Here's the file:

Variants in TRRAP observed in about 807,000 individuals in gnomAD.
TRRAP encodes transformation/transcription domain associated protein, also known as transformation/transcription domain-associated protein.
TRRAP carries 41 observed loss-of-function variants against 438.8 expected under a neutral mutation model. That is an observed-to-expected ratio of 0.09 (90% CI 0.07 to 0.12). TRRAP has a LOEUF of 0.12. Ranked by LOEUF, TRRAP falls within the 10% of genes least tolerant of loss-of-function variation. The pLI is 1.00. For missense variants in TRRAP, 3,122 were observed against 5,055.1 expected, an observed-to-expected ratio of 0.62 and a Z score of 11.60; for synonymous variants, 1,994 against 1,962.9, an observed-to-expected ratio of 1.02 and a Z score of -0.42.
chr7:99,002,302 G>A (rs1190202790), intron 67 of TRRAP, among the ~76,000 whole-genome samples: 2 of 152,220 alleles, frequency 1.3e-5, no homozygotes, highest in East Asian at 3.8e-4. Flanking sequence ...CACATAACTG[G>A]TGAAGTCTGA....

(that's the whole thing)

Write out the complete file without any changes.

Variants in TRRAP observed in about 807,000 individuals in gnomAD.
TRRAP encodes transformation/transcription domain associated protein, also known as transformation/transcription domain-associated protein.
TRRAP carries 41 observed loss-of-function variants against 438.8 expected under a neutral mutation model. That is an observed-to-expected ratio of 0.09 (90% CI 0.07 to 0.12). TRRAP has a LOEUF of 0.12. Ranked by LOEUF, TRRAP falls within the 10% of genes least tolerant of loss-of-function variation. The pLI is 1.00. For missense variants in TRRAP, 3,122 were observed against 5,055.1 expected, an observed-to-expected ratio of 0.62 and a Z score of 11.60; for synonymous variants, 1,994 against 1,962.9, an observed-to-expected ratio of 1.02 and a Z score of -0.42.
chr7:99,002,302 G>A (rs1190202790), intron 67 of TRRAP, among the ~76,000 whole-genome samples: 2 of 152,220 alleles, frequency 1.3e-5, no homozygotes, highest in East Asian at 3.8e-4. Flanking sequence ...CACATAACTG[G>A]TGAAGTCTGA....